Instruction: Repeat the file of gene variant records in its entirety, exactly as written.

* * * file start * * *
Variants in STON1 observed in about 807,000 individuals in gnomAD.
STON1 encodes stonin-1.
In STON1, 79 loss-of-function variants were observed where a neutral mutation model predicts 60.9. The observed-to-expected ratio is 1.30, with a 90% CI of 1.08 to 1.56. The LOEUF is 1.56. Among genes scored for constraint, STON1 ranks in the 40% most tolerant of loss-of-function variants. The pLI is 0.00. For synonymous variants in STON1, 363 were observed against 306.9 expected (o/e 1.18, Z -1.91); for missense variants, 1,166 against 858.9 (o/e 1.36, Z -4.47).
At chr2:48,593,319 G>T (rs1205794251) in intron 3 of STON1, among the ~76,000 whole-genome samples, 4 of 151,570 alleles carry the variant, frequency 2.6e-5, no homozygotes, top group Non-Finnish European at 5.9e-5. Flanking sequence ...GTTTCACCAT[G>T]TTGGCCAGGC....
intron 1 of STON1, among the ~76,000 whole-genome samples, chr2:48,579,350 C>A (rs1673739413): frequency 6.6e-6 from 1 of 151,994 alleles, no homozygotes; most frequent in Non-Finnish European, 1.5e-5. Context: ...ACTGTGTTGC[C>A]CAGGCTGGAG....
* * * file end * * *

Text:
Variants in STON1 observed in about 807,000 individuals in gnomAD.
STON1 encodes stonin-1.
In STON1, 79 loss-of-function variants were observed where a neutral mutation model predicts 60.9. The observed-to-expected ratio is 1.30, with a 90% CI of 1.08 to 1.56. The LOEUF is 1.56. Among genes scored for constraint, STON1 ranks in the 40% most tolerant of loss-of-function variants. The pLI is 0.00. For synonymous variants in STON1, 363 were observed against 306.9 expected (o/e 1.18, Z -1.91); for missense variants, 1,166 against 858.9 (o/e 1.36, Z -4.47).
At chr2:48,593,319 G>T (rs1205794251) in intron 3 of STON1, among the ~76,000 whole-genome samples, 4 of 151,570 alleles carry the variant, frequency 2.6e-5, no homozygotes, top group Non-Finnish European at 5.9e-5. Flanking sequence ...GTTTCACCAT[G>T]TTGGCCAGGC....
intron 1 of STON1, among the ~76,000 whole-genome samples, chr2:48,579,350 C>A (rs1673739413): frequency 6.6e-6 from 1 of 151,994 alleles, no homozygotes; most frequent in Non-Finnish European, 1.5e-5. Context: ...ACTGTGTTGC[C>A]CAGGCTGGAG....